Captain Kidd

(William Kidd)


William Kidd was a privateer from Scotland whose narrative is shrouded in fiction: was he truly a notorious pirate, or a wrongly accused sailor merely serving the English government? The young Kidd moved to New York in 1650 after the death of his father, but he was then lost to history until forty years later, when he reappeared among a crew of European pirates who sailed throughout the Caribbean. Kidd and his fellow seamen ousted the captain and took control of the ship, which they renamed the Blessed William, before sailing to the English island of Nevis. There they met with Governor Christopher Codrington, who was at that time in the practice of hiring skilled sailors to defend the island from French invaders. Because he did not wish to pay them for their services, however, Codrington insisted that they take their dues from the French. Kidd was named captain of the Blessed William, and he and his crew quickly attacked the French island of Mariegalante, looting its sole town. Kidd continued to put his skills to good use, capturing an enemy privateer during the War of the Grand Alliance and steering it himself through the Caribbean. In 1691, he married Sarah Bradley Cox Oort, a wealthy young woman already twice widowed.

Captain Kidd
In December 1695, Kidd was approached with a request: to hunt down and attack many of the known pirates in the area, along with any enemy French ships. Kidd agreed, and he purchased the Adventure Galley, a ship equipped with 34 cannons and weighing 284 tons. He had a strong crew as well, but most of these men were soon pressed into naval services, so Kidd employed instead a medley of hardened criminals and former pirates to steer his ship. Almost a third of this crew perished soon after, in an outbreak of cholera, and Kidd, still unable to attack any pirate ships, soon grew desperate for a way to cover the cost of his enterprise. Of the sailors that had survived the pandemic, many of them deserted Kidd, while the rest made constant threats of mutiny. With this overwhelming pressure, the captain grew violent, even killing one of his own men. His crew as well began taking greater risks, attacking a trading ship and an Armenian merchant ship. Soon after this, the Adventure Galley reached Madagascar, where much of Kidd’s men deserted him for another pirate stationed on the island. He and his remaining sailors, thirteen in all, finally gave up their venture and set sail for New York.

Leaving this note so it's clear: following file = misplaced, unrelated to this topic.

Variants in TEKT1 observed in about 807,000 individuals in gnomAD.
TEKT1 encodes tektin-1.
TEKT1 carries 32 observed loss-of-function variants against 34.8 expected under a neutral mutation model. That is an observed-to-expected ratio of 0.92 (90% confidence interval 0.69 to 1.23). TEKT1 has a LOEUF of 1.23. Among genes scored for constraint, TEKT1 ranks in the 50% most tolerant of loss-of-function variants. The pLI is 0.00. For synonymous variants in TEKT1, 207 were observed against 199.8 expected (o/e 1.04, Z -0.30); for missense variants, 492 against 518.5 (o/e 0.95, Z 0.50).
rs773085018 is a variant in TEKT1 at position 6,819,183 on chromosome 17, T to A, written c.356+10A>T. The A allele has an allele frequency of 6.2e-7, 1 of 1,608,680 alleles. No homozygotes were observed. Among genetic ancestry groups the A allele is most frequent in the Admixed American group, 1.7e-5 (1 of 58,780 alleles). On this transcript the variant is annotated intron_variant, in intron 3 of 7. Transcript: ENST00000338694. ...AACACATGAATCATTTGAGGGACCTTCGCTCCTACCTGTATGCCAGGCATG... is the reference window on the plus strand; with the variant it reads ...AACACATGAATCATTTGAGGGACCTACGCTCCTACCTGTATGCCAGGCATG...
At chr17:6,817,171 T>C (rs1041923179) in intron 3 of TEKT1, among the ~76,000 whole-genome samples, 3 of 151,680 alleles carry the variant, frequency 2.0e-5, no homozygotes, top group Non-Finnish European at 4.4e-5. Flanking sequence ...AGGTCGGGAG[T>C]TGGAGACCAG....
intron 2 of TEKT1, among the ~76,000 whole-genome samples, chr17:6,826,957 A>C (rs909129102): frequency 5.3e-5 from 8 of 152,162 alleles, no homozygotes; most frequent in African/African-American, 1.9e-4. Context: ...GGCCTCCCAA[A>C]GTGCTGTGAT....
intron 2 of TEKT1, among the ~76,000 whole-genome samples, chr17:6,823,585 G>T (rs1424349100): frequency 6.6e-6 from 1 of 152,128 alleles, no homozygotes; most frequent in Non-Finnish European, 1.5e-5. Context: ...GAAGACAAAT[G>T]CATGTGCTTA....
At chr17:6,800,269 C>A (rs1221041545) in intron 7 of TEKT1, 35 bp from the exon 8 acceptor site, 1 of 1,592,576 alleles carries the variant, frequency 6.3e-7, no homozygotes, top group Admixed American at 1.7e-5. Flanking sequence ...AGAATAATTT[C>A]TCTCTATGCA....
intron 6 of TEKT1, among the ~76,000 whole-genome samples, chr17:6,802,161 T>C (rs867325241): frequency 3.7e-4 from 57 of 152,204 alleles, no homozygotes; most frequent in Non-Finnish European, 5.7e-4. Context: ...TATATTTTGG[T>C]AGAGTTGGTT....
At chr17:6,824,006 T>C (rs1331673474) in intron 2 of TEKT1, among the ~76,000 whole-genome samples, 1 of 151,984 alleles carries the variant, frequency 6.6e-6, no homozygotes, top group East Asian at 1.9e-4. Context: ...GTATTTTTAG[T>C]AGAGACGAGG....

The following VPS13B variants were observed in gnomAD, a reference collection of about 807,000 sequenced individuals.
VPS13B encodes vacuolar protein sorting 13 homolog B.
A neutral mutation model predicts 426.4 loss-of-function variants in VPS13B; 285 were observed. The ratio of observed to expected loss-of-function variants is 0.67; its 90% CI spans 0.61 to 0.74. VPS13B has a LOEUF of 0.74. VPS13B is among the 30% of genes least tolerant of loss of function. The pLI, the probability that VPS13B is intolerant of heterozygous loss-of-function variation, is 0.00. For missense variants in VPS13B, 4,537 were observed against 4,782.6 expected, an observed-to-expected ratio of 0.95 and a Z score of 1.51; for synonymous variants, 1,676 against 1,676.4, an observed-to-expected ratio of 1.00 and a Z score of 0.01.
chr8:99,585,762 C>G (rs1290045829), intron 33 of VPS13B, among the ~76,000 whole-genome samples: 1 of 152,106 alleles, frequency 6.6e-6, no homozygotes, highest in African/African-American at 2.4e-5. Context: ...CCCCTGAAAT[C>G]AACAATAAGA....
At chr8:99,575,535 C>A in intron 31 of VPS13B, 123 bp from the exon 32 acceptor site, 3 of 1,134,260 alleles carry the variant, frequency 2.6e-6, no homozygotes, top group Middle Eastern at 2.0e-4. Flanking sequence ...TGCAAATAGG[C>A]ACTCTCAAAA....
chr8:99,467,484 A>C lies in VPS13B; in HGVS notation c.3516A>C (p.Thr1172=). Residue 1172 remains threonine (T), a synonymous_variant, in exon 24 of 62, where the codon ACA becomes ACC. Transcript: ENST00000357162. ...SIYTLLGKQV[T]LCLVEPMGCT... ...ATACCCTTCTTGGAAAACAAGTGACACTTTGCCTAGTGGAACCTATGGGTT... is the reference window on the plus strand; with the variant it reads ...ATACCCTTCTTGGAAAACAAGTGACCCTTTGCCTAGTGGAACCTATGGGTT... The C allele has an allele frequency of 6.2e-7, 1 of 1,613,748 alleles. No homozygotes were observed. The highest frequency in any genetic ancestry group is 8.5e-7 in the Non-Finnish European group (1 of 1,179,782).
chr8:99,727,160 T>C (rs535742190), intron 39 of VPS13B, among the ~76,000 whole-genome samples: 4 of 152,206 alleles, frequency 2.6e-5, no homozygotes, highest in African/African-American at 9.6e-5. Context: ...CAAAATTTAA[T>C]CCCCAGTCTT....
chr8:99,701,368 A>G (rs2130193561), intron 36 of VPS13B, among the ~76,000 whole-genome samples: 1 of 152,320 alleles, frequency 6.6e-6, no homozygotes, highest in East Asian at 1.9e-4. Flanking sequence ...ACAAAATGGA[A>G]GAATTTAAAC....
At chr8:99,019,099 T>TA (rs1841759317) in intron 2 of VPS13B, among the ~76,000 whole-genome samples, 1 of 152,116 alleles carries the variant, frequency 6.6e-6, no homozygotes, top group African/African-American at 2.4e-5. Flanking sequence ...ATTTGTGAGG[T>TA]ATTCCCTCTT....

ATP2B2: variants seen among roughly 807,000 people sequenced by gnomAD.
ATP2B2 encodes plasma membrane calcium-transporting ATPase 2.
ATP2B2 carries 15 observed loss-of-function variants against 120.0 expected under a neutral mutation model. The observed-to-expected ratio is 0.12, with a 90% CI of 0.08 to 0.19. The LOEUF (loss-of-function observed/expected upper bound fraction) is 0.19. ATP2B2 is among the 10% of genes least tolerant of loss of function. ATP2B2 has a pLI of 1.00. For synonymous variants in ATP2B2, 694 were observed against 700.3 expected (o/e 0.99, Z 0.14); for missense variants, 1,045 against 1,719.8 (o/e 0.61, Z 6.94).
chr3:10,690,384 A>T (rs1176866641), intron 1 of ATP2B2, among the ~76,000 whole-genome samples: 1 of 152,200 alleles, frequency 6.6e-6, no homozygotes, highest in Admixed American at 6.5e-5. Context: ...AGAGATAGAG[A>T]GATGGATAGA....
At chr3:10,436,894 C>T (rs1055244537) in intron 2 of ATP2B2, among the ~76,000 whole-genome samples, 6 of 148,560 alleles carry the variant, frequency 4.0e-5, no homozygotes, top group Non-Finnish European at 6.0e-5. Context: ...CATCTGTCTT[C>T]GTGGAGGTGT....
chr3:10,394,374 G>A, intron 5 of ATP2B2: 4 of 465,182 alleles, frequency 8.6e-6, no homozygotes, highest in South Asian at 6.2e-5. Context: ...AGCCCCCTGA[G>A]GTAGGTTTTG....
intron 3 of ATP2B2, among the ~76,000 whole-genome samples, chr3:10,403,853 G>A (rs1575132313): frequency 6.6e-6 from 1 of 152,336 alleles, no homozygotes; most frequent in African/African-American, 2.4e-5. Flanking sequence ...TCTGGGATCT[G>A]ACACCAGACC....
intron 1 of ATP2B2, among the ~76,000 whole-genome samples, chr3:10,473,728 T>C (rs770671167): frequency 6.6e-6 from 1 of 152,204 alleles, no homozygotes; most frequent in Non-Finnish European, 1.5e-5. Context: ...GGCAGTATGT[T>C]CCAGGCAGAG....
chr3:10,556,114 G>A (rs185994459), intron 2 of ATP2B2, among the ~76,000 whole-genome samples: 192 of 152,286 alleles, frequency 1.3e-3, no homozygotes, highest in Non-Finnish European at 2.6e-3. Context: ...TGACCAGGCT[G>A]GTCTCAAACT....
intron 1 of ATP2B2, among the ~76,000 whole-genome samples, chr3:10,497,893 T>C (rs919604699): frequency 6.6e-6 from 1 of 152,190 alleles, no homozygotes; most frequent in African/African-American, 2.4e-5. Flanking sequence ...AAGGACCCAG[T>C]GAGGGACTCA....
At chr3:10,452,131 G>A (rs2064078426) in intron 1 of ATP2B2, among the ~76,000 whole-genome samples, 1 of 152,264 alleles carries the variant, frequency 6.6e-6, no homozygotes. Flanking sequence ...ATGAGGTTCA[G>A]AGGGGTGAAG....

Before his arrival in the city, Kidd learned that he was a wanted pirate, so he rid himself of his vessel and continued to New York aboard a sloop. One of Kidd’s original investors, hearing of the charges against the privateer and afraid that he might be convicted as well, lured the captain to Boston and ordered him arrested so as to clear his own name. Kidd’s wife Sarah was imprisoned as well, and the two waited for a year before he was finally sent to England for questioning by Parliament. Kidd was ordered to reveal his patrons, but he refused to talk, believing that they might come to his aid. Instead, he was found guilty of murder and five charges of piracy, and he was hanged at Execution Dock on May 23, 1701.

Key events during the life of Captain Kidd:

Moved to New York.
Mutinied aboard a pirate ship and ousted the captain before sailing to Nevis.
Married Sarah Bradley Cox Oort.
Given the duty of hunting down any local pirates and enemy French ships.
Killed a member of his crew with an iron bucket.
Attacked an Armenian ship.
Returned to New York.
  Arrested, along with his wife, for piracy.
Hanged at Execution Dock in London.

Other Resources

Story Links
Book Links
Pirates!  in  This Country of Ours  by  H. E. Marshall
Pirate of the Buried Treasure  in  Buccaneers and Pirates of Our Coasts  by  Frank R. Stockton

Image Links

The Pirates
 in Massasoit

Two of the pirates went down into the hole
 in Buccaneers and Pirates of Our Coasts

Short Biography
Rene La Salle Dauntless adventurer who followed the Mississippi to its mouth, and claimed all for France.
Count Frontenac Governor of New France from 1672 to 1698. Expanded fur trade, and fought with British.
Blackbeard Notorious pirate of the Spanish Main who haunted the Coast of North Carolina and the West Indies.
Stede Bonnet Respectable colonial merchant who decided to become a pirate.